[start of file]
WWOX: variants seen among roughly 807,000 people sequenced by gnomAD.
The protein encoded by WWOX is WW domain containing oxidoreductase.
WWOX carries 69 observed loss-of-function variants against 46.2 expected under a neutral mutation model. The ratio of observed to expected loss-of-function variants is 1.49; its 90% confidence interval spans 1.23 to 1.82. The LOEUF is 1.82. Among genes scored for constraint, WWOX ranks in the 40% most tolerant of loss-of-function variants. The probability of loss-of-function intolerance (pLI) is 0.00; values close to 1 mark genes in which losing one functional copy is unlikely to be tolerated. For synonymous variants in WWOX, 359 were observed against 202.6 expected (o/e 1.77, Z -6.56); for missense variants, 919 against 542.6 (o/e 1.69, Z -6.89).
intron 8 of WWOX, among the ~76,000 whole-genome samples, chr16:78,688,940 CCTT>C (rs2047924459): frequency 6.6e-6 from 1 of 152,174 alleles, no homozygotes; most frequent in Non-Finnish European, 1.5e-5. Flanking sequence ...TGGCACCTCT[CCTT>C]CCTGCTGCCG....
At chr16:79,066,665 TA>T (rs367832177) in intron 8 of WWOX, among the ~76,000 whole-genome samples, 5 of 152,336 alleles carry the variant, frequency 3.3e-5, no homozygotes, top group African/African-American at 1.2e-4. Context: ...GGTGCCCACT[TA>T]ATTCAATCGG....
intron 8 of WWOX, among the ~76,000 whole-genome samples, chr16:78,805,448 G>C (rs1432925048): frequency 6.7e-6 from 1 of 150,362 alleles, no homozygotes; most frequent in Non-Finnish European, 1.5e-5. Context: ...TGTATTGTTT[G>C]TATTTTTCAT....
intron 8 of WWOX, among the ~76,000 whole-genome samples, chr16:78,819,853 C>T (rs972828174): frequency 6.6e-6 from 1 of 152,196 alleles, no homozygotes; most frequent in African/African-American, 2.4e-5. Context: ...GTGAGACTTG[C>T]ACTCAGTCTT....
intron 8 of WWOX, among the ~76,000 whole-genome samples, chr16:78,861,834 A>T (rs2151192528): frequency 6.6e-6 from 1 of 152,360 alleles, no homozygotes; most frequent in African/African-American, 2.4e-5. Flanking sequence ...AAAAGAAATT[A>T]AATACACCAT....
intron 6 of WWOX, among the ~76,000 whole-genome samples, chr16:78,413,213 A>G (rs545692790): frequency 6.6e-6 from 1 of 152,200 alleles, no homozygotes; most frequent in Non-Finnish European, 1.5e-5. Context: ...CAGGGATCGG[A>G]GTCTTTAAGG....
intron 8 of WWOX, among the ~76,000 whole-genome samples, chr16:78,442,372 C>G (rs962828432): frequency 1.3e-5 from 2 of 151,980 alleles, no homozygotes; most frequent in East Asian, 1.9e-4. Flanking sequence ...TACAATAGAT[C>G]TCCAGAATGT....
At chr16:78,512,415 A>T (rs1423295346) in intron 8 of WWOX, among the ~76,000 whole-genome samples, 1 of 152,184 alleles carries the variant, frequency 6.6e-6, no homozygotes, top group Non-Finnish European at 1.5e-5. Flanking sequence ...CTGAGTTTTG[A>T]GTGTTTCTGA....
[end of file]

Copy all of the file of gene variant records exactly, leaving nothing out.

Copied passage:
WWOX: variants seen among roughly 807,000 people sequenced by gnomAD.
The protein encoded by WWOX is WW domain containing oxidoreductase.
WWOX carries 69 observed loss-of-function variants against 46.2 expected under a neutral mutation model. The ratio of observed to expected loss-of-function variants is 1.49; its 90% confidence interval spans 1.23 to 1.82. The LOEUF is 1.82. Among genes scored for constraint, WWOX ranks in the 40% most tolerant of loss-of-function variants. The probability of loss-of-function intolerance (pLI) is 0.00; values close to 1 mark genes in which losing one functional copy is unlikely to be tolerated. For synonymous variants in WWOX, 359 were observed against 202.6 expected (o/e 1.77, Z -6.56); for missense variants, 919 against 542.6 (o/e 1.69, Z -6.89).
intron 8 of WWOX, among the ~76,000 whole-genome samples, chr16:78,688,940 CCTT>C (rs2047924459): frequency 6.6e-6 from 1 of 152,174 alleles, no homozygotes; most frequent in Non-Finnish European, 1.5e-5. Flanking sequence ...TGGCACCTCT[CCTT>C]CCTGCTGCCG....
At chr16:79,066,665 TA>T (rs367832177) in intron 8 of WWOX, among the ~76,000 whole-genome samples, 5 of 152,336 alleles carry the variant, frequency 3.3e-5, no homozygotes, top group African/African-American at 1.2e-4. Context: ...GGTGCCCACT[TA>T]ATTCAATCGG....
intron 8 of WWOX, among the ~76,000 whole-genome samples, chr16:78,805,448 G>C (rs1432925048): frequency 6.7e-6 from 1 of 150,362 alleles, no homozygotes; most frequent in Non-Finnish European, 1.5e-5. Context: ...TGTATTGTTT[G>C]TATTTTTCAT....
intron 8 of WWOX, among the ~76,000 whole-genome samples, chr16:78,819,853 C>T (rs972828174): frequency 6.6e-6 from 1 of 152,196 alleles, no homozygotes; most frequent in African/African-American, 2.4e-5. Context: ...GTGAGACTTG[C>T]ACTCAGTCTT....
intron 8 of WWOX, among the ~76,000 whole-genome samples, chr16:78,861,834 A>T (rs2151192528): frequency 6.6e-6 from 1 of 152,360 alleles, no homozygotes; most frequent in African/African-American, 2.4e-5. Flanking sequence ...AAAAGAAATT[A>T]AATACACCAT....
intron 6 of WWOX, among the ~76,000 whole-genome samples, chr16:78,413,213 A>G (rs545692790): frequency 6.6e-6 from 1 of 152,200 alleles, no homozygotes; most frequent in Non-Finnish European, 1.5e-5. Context: ...CAGGGATCGG[A>G]GTCTTTAAGG....
intron 8 of WWOX, among the ~76,000 whole-genome samples, chr16:78,442,372 C>G (rs962828432): frequency 1.3e-5 from 2 of 151,980 alleles, no homozygotes; most frequent in East Asian, 1.9e-4. Flanking sequence ...TACAATAGAT[C>G]TCCAGAATGT....
At chr16:78,512,415 A>T (rs1423295346) in intron 8 of WWOX, among the ~76,000 whole-genome samples, 1 of 152,184 alleles carries the variant, frequency 6.6e-6, no homozygotes, top group Non-Finnish European at 1.5e-5. Flanking sequence ...CTGAGTTTTG[A>T]GTGTTTCTGA....